- At this point (about 10 o'clock?) the two visitors who had travelled up about 80 miles from Leeds for the day set back off home, leaving us with five for the last game of the evening. We chose Puerto Rico as a 90-minute closer, still impressed by the initial volley of buzz it got after its initial launch - all the cries of "best game ever" and so forth. A year or so after release, it's still as highly thought of as ever. As with most of the best board games of the last fifteen years or so, its author is German and we play using a translated English-language edition; however, most unusually, the word on the street is that Puerto Rico didn't really take off in its native Germany and the English-language sales might represent something like 50% of the total market compared to a typical 10%-20% for its predecessors.
Each player manages their own Caribbean island. You have a countryside which can hold up to one dozen plantations and quarries (producing commodities of corn, dye, sugar, tobacco and coffee) and a town which can hold up to another dozen buildings. Should you manage to get the right combination - for instance, a sugar plantation and a sugar mill - and manage to attract enough colonists to the island to operate both buildings, eventually you will produce barrels of sugar which you can either sell at the trading house for in-game money or ship to the rest of the world for Victory Points. Money will let you buy buildings to make the process more efficient or let you produce more barrels in the first place. The player who earns most Victory Points through shipping barrels or erecting buildings, especially the double-size buildings which attract bonus points.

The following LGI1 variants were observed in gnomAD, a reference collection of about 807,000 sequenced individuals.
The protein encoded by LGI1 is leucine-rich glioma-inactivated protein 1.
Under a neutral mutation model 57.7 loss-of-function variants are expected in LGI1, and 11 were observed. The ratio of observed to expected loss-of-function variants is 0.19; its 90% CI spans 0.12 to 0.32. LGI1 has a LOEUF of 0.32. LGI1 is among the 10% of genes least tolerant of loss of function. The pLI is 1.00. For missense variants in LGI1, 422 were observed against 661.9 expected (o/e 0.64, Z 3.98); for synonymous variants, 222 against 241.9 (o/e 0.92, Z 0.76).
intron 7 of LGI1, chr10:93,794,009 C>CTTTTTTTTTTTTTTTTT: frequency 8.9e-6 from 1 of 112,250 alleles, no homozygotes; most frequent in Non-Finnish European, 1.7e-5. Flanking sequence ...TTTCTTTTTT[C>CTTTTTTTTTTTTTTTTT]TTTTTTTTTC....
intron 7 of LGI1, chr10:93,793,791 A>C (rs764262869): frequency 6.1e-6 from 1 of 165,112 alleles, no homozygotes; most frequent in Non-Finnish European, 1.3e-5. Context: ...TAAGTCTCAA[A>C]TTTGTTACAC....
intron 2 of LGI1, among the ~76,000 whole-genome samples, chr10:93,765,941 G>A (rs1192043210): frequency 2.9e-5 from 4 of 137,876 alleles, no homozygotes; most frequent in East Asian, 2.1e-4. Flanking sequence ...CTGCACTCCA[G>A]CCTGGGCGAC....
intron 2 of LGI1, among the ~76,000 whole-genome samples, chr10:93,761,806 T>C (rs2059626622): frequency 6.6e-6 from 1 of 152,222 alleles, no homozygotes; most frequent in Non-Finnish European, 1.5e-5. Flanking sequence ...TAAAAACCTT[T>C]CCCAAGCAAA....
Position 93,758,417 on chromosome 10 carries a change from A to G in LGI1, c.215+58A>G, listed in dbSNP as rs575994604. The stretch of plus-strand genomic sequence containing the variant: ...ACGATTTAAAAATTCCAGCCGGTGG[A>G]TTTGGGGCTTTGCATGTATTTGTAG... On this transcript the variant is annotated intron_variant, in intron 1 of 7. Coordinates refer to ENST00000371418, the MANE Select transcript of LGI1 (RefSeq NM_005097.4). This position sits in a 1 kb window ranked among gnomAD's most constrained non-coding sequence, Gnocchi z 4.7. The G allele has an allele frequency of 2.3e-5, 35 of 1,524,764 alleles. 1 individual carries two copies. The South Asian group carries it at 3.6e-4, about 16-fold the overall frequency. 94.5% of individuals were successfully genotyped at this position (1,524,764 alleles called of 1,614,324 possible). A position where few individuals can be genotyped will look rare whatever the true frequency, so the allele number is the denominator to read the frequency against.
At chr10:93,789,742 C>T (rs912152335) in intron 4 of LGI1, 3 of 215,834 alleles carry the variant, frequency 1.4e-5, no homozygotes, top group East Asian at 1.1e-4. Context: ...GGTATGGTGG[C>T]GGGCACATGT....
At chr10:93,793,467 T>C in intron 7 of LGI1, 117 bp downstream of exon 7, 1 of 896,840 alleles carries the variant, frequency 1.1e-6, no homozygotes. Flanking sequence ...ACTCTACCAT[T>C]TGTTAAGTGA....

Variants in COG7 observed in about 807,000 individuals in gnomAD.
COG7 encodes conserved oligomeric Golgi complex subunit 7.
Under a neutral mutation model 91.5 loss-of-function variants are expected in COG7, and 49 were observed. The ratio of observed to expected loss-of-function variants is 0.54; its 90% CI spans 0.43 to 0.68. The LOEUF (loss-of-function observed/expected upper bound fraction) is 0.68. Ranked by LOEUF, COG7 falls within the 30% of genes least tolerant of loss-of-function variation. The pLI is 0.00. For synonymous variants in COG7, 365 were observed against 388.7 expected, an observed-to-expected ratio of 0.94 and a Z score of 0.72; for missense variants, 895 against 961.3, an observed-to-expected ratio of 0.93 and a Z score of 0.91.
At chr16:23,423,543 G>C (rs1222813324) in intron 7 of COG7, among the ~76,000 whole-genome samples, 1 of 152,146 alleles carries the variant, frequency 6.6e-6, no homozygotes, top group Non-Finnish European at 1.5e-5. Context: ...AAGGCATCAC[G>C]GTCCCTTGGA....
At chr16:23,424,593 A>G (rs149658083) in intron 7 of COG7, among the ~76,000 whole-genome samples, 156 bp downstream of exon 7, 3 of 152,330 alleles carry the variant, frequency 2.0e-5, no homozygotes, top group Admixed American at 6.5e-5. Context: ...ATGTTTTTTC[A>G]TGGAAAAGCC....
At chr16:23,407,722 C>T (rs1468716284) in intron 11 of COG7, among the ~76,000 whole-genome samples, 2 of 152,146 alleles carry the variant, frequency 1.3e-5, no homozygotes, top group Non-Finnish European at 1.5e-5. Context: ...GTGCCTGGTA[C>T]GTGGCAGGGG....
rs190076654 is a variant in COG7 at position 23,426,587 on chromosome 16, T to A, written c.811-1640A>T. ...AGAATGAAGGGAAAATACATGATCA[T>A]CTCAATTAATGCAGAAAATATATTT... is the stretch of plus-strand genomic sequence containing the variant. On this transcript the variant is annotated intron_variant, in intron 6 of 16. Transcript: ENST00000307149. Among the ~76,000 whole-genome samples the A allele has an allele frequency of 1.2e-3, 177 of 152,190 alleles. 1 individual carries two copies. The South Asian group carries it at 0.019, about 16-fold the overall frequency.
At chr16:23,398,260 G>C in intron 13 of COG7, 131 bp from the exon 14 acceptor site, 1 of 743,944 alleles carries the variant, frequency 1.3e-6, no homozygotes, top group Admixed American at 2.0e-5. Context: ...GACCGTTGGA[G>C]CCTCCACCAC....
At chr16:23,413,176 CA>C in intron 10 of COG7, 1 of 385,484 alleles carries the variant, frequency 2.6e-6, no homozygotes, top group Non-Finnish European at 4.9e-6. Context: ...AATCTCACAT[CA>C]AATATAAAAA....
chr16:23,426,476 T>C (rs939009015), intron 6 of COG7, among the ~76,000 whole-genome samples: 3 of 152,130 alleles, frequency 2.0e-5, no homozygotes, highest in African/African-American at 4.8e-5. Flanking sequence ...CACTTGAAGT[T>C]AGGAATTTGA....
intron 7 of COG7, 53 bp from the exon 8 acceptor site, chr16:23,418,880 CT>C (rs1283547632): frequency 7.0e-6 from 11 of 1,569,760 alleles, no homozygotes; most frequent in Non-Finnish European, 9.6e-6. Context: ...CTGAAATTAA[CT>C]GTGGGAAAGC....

In this game, the action always moves in a circle - but, specifically, it's more like a circle within a circle within a circle in practice. On your turn, you choose one of a number of roles; everyone gets to take advantage of the functions of the role, but you get a little bonus for being the one to choose it. You will have different choices of role at different times, governed by the outer circles. The game has been criticised in that the islands cannot directly affect each other; the player interaction comes in terms of picking the roles which will give you the biggest advantage relative to the others and setting yourself up to be able to take most advantage of the breaks that are likely to occur in the future. Certainly a subtle game. There is very little random chance involved.